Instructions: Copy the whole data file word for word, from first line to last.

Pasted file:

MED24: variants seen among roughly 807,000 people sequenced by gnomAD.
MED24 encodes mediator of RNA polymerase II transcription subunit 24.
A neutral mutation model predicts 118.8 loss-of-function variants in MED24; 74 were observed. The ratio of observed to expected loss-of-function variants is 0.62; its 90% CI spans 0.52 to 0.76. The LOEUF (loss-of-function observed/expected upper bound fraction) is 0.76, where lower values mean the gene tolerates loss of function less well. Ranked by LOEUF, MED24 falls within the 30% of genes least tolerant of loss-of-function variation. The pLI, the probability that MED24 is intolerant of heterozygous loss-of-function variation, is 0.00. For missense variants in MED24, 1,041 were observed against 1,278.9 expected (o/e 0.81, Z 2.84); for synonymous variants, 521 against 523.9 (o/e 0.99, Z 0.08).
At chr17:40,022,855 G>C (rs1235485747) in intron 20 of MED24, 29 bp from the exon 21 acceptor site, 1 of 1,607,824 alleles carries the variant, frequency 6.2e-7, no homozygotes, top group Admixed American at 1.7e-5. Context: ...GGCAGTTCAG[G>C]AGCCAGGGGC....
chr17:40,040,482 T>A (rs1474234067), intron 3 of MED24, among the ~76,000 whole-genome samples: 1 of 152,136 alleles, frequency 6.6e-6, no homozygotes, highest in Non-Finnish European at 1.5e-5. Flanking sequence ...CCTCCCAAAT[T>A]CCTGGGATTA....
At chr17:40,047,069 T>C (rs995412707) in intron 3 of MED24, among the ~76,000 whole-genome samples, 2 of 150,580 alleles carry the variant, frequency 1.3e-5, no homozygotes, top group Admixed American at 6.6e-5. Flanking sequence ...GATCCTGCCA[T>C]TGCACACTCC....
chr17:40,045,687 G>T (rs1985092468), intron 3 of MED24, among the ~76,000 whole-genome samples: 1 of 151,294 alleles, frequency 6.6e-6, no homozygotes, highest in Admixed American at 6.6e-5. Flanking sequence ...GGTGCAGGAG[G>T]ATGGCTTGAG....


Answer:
MED24: variants seen among roughly 807,000 people sequenced by gnomAD.
MED24 encodes mediator of RNA polymerase II transcription subunit 24.
A neutral mutation model predicts 118.8 loss-of-function variants in MED24; 74 were observed. The ratio of observed to expected loss-of-function variants is 0.62; its 90% CI spans 0.52 to 0.76. The LOEUF (loss-of-function observed/expected upper bound fraction) is 0.76, where lower values mean the gene tolerates loss of function less well. Ranked by LOEUF, MED24 falls within the 30% of genes least tolerant of loss-of-function variation. The pLI, the probability that MED24 is intolerant of heterozygous loss-of-function variation, is 0.00. For missense variants in MED24, 1,041 were observed against 1,278.9 expected (o/e 0.81, Z 2.84); for synonymous variants, 521 against 523.9 (o/e 0.99, Z 0.08).
At chr17:40,022,855 G>C (rs1235485747) in intron 20 of MED24, 29 bp from the exon 21 acceptor site, 1 of 1,607,824 alleles carries the variant, frequency 6.2e-7, no homozygotes, top group Admixed American at 1.7e-5. Context: ...GGCAGTTCAG[G>C]AGCCAGGGGC....
chr17:40,040,482 T>A (rs1474234067), intron 3 of MED24, among the ~76,000 whole-genome samples: 1 of 152,136 alleles, frequency 6.6e-6, no homozygotes, highest in Non-Finnish European at 1.5e-5. Flanking sequence ...CCTCCCAAAT[T>A]CCTGGGATTA....
At chr17:40,047,069 T>C (rs995412707) in intron 3 of MED24, among the ~76,000 whole-genome samples, 2 of 150,580 alleles carry the variant, frequency 1.3e-5, no homozygotes, top group Admixed American at 6.6e-5. Flanking sequence ...GATCCTGCCA[T>C]TGCACACTCC....
chr17:40,045,687 G>T (rs1985092468), intron 3 of MED24, among the ~76,000 whole-genome samples: 1 of 151,294 alleles, frequency 6.6e-6, no homozygotes, highest in Admixed American at 6.6e-5. Flanking sequence ...GGTGCAGGAG[G>T]ATGGCTTGAG....